Google Translate Disclaimer

A number of pages on the Government of Saskatchewan`s web site have been professionally translated in French. These translations are identified by a yellow text box that resembles the link below and can be found in the right hand rail of the page. The home page for French-language content on this site can be found here:

Renseignements en Français

Where an official translation is not available, Google™ Translate can be used. Google™ Translate is a free online language translation service that can translate text and web pages into different languages. Translations are made available to increase access to Government of Saskatchewan content for populations whose first language is not English.

The results of software-based translation do not approach the fluency of a native speaker or possess the skill of a professional translator. The translation should not be considered exact, and may include incorrect or offensive language Government of Saskatchewan does not warrant the accuracy, reliability or timeliness of any information translated by this system. Some files or items cannot be translated, including graphs, photos, and other file formats such as portable document formats (PDFs).

Any person or entities that rely on information obtained from the system does so at his or her own risk. Government of Saskatchewan is not responsible for any damage or issues that may possibly result from using translated website content. If you have any questions about Google™ Translate, please visit: Google™ Translate FAQs.

Bertha Armyworm Map

July 2017

View the Bertha Armyworm Map of Cumulative Moth Counts – August 2, 2017 
(Maps are updated regularly throughout the growing season.)

The risk from bertha armyworm to Saskatchewan crops is expected to be low for 2017. Historically, bertha armyworm outbreaks tend to last for two to three years in an area, with eight to 10 years between outbreaks. The last year of significant infestations was 2013, so it is expected that this is a low end of the historical bertha armyworm cycle. However, in 2016, what should have been a year of low numbers of bertha armyworm, there were a few locations in central Saskatchewan that had high numbers of moths in traps and economic populations of larvae required insecticide control. Therefore, the risk map will provide important information in case higher risk areas are identified.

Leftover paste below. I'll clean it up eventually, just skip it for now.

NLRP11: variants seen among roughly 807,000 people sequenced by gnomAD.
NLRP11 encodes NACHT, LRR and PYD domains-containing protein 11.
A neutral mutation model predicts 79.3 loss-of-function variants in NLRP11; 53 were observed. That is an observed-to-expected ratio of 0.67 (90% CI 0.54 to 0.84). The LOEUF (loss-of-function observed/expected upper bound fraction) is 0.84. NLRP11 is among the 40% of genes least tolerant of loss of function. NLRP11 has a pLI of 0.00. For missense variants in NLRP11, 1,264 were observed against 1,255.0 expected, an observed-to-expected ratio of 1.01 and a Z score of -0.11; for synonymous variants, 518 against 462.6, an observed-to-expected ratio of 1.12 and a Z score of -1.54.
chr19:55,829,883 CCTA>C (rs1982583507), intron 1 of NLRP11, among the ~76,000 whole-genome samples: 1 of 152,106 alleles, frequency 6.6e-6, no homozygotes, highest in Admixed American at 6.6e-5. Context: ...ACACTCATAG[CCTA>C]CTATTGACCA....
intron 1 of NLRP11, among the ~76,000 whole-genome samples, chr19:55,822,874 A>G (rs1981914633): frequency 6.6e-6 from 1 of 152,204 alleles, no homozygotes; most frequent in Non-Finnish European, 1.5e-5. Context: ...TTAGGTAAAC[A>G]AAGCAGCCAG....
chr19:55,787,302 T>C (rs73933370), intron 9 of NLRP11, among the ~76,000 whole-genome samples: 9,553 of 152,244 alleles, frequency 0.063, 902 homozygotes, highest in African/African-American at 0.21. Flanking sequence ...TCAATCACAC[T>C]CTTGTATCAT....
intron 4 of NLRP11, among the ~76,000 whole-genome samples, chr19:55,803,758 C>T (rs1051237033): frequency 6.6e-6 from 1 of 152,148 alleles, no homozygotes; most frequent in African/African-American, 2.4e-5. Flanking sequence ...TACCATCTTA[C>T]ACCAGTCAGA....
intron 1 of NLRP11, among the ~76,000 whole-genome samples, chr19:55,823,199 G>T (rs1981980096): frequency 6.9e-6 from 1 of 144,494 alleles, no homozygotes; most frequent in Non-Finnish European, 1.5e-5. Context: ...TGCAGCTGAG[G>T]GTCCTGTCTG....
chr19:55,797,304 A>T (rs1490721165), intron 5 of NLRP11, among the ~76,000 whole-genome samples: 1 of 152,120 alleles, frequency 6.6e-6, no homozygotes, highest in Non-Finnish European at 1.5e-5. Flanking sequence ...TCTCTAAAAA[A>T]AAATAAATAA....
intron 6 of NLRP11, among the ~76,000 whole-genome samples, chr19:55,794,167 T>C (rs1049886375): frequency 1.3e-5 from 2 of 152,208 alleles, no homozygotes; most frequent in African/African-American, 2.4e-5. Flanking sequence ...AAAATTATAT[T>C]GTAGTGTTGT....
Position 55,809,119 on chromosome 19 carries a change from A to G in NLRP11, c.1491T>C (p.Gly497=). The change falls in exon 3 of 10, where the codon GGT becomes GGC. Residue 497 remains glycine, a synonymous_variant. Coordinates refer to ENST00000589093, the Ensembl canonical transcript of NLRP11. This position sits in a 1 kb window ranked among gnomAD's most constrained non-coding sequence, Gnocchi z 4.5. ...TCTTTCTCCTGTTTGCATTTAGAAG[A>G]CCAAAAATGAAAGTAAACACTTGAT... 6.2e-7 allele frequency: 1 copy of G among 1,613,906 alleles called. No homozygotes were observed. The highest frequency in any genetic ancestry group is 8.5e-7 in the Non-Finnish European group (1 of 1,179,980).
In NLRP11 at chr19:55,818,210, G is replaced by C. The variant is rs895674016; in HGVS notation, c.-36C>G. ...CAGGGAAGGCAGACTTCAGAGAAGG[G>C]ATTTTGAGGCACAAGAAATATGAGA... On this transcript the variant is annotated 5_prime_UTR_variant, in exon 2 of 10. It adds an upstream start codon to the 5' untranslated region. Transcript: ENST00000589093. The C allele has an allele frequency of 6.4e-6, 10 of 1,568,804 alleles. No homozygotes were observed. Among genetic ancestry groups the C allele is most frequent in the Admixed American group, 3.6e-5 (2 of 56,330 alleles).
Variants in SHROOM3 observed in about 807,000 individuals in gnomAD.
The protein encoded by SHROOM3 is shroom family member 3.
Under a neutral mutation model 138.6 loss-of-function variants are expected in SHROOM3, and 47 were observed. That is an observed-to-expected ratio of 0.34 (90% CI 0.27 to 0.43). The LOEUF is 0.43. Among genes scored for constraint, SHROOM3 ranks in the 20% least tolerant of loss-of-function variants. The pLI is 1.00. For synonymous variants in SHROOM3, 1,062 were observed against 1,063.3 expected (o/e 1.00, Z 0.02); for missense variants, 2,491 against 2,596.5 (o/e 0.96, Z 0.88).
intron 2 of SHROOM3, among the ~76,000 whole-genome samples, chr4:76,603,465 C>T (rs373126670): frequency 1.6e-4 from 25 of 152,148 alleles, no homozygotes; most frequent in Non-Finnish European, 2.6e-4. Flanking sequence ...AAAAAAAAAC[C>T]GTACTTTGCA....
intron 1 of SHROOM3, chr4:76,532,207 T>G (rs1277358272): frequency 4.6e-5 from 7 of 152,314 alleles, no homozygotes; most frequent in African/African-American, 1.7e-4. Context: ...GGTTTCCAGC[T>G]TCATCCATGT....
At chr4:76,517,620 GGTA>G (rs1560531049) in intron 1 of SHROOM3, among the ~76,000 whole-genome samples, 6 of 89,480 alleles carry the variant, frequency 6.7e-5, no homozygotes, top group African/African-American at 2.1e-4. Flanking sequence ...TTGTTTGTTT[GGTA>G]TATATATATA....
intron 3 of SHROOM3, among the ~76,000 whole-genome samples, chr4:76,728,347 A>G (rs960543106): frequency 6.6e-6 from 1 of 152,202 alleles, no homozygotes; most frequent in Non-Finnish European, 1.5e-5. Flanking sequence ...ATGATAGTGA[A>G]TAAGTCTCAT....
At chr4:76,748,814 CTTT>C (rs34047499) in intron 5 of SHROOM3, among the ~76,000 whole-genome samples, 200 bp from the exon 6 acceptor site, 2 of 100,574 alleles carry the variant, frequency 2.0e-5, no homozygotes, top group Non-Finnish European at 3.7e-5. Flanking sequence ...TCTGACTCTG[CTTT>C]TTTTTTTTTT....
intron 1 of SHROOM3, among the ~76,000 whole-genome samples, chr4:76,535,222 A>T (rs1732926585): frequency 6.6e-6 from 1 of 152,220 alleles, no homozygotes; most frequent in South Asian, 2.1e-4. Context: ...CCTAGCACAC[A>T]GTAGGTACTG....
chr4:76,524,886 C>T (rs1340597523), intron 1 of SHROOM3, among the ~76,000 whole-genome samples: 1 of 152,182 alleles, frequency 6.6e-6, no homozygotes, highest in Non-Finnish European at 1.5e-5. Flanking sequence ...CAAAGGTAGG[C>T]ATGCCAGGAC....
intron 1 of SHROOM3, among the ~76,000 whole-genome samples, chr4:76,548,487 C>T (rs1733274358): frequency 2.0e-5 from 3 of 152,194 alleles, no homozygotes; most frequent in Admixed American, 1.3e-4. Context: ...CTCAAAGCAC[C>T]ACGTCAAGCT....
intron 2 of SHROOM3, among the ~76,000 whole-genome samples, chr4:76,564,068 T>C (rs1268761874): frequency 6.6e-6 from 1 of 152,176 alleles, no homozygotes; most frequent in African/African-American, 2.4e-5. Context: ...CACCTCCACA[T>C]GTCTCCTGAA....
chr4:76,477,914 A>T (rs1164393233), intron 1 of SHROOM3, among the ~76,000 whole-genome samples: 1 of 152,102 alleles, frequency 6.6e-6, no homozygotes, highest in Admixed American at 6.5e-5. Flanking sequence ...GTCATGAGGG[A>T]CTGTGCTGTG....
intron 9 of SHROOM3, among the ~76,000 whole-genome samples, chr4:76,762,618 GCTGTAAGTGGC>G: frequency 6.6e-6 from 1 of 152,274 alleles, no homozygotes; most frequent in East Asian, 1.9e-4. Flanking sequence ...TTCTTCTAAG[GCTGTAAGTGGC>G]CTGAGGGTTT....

The map displays the cumulative male moth counts reported from traps at more than 200 locations in Saskatchewan. The map is updated weekly until early August.

Generally, cruciferous crops such as canola and mustard are at risk from bertha armyworm. However, other crops, including flax, can be impacted. The map is intended to display risk on a regional basis. Individual field monitoring will be important in the coming weeks in order to determine if control measures will be necessary. Keep in mind that there have been situations where high populations of moths in traps have not corresponded to high numbers in adjacent fields.

Emergence of the bertha armyworm moths is highly dependent on temperature. In 2017, moths started to emerge in some areas by mid-June. Peak emergence tends to be about mid-July, providing warning before the destructive larvae hatch and become active.

When scouting for eggs, there can be differences between canola cultivars. Research has noted that Bertha armyworm egg-laying varied substantially among different species of Brassica plants. In some cultivars, the number of eggs was high but larval damage was limited. Furthermore, crop staging seemed to affect egg-laying, as well. Plants in full flower had the highest number of eggs compared to the pre-flower and podding stages.

General recommendations for observed moth numbers (from pheromone traps):

  • 0 to 300 = low risk; control measures unlikely in most cases.
  • 300 to 900 = uncertain, most variability for this level; periodic monitoring of fields to verify actual numbers of larvae (especially bolting fields) is required.
  • 900 to 1,200 = moderate risk; check for larvae and evidence of damage.
  • 1,200 to 1,500 = high risk; monitor fields more frequently.

The Ministry of Agriculture monitors for insects through a network of cooperators across Saskatchewan that provide numbers of adult bertha armyworm moths captured in pheromone-baited traps. Each trap contains an artificial pheromone that mimics the natural bertha armyworm female attractant. Co-operators include producers, Regional Crops Specialists, researchers and industry agronomists.  

For information on bertha armyworm and economic thresholds refer to the Saskatchewan Agriculture Bertha Armyworm webpage.

We need your feedback to improve saskatchewan.ca. Help us improve